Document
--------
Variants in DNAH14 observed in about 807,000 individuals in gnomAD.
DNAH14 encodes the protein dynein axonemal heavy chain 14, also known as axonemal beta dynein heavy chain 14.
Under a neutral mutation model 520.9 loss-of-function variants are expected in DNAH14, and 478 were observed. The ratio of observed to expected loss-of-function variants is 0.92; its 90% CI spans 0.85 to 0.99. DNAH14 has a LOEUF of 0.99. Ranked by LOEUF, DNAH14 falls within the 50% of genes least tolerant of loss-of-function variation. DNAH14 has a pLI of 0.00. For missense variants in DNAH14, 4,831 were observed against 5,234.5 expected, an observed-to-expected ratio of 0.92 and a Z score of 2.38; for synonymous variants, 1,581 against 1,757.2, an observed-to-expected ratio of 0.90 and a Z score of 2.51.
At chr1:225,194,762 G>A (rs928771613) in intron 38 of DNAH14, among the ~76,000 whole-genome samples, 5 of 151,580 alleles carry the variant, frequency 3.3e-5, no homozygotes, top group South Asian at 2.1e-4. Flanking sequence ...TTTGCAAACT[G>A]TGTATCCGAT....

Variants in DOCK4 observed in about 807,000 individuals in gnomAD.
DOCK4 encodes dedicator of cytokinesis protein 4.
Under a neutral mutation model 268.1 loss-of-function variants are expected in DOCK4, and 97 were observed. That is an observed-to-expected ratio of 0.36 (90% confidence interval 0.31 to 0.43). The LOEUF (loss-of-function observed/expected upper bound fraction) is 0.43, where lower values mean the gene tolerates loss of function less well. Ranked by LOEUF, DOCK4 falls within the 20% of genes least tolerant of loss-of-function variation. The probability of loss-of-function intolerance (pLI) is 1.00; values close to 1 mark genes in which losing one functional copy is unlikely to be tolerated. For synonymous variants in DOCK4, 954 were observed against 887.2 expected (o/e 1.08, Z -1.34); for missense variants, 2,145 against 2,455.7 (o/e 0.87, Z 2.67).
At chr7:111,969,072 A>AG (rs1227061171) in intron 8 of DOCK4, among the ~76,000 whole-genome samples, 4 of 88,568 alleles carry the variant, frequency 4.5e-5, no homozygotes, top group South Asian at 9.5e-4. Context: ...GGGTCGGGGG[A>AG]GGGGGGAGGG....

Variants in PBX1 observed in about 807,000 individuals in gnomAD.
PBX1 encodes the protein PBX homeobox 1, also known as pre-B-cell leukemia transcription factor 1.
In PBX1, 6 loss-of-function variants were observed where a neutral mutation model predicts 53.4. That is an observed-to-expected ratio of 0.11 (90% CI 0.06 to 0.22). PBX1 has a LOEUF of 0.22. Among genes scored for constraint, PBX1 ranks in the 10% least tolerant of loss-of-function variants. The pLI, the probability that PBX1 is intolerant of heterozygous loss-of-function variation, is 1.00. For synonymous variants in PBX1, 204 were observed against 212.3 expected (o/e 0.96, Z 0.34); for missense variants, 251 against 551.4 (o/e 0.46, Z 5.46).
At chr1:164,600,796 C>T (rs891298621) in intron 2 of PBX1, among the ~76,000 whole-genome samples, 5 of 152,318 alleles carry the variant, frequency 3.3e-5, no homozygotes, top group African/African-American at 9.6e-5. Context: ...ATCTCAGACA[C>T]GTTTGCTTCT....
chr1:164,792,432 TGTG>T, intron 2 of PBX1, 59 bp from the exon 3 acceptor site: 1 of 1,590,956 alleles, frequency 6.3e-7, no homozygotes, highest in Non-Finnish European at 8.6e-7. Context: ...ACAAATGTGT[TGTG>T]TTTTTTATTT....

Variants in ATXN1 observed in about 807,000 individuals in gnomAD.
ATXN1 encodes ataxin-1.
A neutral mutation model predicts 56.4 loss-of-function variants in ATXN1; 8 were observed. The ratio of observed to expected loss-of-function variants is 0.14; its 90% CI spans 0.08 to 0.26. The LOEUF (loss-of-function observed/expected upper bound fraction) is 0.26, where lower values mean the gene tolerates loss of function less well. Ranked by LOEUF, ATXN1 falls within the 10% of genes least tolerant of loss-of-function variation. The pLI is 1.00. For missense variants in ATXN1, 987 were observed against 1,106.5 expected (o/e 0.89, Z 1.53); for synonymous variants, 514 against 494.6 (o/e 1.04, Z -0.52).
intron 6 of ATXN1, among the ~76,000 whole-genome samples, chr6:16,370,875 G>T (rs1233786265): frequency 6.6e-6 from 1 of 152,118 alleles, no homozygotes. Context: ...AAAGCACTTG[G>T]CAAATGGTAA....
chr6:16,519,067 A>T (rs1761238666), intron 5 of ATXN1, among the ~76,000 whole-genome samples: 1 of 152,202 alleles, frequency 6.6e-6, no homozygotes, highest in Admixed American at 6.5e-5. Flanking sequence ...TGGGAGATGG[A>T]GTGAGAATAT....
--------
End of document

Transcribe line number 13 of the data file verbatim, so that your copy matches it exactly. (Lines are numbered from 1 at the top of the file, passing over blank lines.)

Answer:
chr1:164,792,432 TGTG>T, intron 2 of PBX1, 59 bp from the exon 3 acceptor site: 1 of 1,590,956 alleles, frequency 6.3e-7, no homozygotes, highest in Non-Finnish European at 8.6e-7. Context: ...ACAAATGTGT[TGTG>T]TTTTTTATTT....